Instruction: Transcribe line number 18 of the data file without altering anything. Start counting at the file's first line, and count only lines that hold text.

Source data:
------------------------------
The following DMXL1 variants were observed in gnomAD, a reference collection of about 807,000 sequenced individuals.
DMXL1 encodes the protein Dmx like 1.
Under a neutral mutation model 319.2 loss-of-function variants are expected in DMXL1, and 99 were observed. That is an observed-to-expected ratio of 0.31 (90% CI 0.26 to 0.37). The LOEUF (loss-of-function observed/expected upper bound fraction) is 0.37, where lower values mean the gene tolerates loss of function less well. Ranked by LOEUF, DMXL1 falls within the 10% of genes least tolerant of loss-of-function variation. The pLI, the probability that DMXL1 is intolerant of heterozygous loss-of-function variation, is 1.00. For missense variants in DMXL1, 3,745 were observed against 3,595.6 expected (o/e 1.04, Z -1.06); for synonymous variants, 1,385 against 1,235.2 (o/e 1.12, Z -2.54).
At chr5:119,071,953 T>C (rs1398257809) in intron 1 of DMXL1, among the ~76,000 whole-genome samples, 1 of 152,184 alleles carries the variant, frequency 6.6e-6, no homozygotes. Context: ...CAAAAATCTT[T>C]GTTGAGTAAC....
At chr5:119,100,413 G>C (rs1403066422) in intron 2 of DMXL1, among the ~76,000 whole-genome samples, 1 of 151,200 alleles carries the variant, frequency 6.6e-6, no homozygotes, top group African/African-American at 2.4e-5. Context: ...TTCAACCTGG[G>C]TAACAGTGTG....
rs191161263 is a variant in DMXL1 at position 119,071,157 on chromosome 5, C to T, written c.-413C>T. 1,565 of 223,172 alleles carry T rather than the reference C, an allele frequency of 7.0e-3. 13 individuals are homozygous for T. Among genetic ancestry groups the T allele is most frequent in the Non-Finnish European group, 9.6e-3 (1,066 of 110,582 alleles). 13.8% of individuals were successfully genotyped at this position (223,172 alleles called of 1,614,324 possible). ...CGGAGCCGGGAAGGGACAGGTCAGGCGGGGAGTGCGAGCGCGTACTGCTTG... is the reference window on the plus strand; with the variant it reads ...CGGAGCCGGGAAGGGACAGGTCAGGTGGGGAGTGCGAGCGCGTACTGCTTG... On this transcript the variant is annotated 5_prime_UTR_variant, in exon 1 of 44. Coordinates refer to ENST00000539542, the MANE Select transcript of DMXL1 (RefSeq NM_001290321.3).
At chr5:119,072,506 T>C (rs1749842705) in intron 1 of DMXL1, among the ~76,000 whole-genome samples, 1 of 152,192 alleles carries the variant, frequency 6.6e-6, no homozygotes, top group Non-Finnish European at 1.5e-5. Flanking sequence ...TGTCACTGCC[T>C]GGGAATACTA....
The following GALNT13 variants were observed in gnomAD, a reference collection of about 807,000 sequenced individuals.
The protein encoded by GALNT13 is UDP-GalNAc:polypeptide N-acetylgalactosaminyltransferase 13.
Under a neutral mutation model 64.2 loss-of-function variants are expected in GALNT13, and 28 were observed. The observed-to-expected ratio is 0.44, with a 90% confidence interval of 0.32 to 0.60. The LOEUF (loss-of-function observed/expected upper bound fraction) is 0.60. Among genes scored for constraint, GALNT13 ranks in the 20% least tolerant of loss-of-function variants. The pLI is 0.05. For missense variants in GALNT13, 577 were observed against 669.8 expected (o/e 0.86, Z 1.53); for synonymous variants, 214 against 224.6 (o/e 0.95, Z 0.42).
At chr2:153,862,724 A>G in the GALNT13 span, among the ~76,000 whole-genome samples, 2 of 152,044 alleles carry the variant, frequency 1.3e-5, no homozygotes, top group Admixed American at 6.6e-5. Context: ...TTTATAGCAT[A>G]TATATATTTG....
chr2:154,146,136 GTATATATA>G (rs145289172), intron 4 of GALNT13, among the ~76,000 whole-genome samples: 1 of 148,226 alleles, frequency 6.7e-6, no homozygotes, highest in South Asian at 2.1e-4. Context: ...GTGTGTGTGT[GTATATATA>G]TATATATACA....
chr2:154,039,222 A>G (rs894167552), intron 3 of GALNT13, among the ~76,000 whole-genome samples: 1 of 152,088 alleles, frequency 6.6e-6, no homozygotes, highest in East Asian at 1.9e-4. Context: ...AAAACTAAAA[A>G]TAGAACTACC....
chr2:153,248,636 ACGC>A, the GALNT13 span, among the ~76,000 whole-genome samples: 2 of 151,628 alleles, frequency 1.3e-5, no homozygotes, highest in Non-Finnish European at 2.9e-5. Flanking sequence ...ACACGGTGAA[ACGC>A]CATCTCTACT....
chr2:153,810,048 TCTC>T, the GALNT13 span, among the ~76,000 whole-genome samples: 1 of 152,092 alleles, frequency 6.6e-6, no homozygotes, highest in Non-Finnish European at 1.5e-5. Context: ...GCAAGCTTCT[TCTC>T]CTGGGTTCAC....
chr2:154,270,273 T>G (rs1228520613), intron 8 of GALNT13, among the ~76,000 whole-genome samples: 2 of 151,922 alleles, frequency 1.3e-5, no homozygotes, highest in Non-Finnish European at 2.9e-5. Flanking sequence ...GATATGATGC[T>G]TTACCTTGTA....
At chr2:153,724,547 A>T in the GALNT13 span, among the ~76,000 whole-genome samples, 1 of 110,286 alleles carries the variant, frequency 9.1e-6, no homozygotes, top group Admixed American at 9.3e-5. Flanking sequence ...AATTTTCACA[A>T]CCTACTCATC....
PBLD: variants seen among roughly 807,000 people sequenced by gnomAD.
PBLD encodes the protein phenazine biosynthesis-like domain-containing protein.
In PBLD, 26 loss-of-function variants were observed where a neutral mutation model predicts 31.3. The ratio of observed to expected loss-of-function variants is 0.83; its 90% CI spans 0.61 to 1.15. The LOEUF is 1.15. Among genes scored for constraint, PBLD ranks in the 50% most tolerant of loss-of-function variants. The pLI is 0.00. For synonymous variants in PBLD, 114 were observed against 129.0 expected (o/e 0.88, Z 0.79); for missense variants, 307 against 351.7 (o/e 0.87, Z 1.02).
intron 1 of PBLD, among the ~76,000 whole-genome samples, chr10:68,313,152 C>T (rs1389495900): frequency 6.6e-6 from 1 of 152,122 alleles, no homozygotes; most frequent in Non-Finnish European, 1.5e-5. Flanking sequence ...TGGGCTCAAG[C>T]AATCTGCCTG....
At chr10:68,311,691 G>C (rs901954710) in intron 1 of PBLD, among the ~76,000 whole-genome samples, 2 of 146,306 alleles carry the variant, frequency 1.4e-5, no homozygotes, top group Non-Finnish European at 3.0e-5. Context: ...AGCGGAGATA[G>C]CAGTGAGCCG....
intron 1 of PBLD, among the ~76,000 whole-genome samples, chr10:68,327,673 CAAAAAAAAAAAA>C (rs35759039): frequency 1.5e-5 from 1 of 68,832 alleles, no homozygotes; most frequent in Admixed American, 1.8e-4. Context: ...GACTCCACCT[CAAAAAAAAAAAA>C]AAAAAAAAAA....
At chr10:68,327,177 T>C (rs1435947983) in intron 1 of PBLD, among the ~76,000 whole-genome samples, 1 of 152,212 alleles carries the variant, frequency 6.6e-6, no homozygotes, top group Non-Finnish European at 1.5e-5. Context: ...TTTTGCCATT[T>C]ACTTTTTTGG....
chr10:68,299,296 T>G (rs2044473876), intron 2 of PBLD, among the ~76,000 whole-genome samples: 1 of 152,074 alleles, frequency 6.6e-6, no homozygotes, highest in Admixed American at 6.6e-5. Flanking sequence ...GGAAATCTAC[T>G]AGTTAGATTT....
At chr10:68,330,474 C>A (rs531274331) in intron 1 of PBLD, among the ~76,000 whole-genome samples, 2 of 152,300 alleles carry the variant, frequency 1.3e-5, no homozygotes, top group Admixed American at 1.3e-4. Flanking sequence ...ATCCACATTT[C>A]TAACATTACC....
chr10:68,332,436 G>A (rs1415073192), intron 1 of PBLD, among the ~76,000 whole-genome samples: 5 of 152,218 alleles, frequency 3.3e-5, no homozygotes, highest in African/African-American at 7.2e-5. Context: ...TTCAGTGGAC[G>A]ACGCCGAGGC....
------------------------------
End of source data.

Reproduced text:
PBLD: variants seen among roughly 807,000 people sequenced by gnomAD.